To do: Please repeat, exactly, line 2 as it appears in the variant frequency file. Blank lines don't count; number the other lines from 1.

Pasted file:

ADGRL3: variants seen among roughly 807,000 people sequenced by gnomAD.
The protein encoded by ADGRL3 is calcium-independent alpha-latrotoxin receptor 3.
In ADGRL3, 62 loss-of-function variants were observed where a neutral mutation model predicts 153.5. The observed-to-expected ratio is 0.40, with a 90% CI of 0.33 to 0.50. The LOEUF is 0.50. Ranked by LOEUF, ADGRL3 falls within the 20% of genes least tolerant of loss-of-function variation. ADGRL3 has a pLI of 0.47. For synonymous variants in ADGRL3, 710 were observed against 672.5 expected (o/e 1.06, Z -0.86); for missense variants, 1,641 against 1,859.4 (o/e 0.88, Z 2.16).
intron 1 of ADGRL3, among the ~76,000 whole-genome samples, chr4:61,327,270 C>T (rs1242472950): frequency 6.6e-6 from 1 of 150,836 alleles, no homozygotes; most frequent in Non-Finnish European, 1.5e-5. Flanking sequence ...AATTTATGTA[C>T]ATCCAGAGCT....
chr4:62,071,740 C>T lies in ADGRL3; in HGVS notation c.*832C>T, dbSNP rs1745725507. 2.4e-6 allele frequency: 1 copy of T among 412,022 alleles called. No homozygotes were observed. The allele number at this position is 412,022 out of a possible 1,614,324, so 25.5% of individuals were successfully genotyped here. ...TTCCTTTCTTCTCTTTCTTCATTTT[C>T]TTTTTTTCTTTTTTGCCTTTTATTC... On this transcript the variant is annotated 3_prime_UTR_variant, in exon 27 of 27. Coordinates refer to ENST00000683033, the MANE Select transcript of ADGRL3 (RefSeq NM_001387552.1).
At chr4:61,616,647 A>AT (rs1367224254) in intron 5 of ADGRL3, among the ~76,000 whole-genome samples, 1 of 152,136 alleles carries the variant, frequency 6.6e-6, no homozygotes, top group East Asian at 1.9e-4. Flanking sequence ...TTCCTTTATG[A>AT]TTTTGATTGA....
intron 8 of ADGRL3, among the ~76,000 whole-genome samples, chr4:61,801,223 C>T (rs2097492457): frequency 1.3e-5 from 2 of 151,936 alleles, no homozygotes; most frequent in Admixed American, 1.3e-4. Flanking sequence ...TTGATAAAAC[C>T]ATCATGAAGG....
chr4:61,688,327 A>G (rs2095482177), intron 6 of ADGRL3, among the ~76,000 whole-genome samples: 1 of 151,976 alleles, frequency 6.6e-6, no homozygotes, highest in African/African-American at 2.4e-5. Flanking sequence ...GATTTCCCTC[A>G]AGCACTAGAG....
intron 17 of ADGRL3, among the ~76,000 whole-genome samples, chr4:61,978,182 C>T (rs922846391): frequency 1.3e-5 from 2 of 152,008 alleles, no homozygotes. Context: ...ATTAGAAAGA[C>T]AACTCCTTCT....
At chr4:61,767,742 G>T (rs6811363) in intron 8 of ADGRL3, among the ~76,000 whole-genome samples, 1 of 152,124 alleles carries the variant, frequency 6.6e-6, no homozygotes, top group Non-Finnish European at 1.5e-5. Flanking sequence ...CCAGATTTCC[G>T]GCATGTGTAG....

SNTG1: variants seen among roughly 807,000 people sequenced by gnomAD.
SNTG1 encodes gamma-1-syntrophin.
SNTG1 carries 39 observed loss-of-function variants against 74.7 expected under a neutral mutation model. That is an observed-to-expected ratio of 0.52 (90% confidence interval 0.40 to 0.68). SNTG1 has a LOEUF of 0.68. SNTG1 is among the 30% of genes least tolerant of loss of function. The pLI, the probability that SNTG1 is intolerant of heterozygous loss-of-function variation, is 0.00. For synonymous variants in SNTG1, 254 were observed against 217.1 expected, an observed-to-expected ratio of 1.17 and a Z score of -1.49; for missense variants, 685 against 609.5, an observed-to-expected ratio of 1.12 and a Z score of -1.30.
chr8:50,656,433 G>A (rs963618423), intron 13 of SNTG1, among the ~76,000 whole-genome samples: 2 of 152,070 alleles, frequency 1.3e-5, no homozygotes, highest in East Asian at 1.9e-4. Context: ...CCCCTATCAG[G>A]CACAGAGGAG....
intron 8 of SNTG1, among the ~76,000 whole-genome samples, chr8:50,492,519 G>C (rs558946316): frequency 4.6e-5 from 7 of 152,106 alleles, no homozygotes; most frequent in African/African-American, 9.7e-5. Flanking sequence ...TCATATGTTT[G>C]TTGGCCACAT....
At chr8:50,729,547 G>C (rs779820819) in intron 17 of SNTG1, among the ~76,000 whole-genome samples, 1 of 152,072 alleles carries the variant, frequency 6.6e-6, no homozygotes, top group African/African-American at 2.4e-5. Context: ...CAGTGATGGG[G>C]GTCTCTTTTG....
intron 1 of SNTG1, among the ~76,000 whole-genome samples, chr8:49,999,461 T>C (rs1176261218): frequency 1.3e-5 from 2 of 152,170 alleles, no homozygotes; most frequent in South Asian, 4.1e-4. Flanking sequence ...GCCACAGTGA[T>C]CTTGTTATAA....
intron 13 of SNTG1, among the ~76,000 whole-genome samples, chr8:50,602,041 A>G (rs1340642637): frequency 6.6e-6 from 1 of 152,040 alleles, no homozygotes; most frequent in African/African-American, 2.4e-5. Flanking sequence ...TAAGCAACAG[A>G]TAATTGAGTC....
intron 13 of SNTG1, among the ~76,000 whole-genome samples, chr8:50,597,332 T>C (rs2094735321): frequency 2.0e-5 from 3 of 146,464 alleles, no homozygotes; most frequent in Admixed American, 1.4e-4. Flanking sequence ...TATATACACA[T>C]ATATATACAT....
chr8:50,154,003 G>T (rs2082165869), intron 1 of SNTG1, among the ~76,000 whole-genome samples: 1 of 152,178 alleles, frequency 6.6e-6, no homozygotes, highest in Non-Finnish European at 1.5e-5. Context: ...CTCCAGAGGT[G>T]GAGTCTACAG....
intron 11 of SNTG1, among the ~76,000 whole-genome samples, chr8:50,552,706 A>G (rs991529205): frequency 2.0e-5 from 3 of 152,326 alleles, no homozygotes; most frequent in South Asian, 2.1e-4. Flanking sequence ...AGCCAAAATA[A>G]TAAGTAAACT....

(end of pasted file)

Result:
The protein encoded by ADGRL3 is calcium-independent alpha-latrotoxin receptor 3.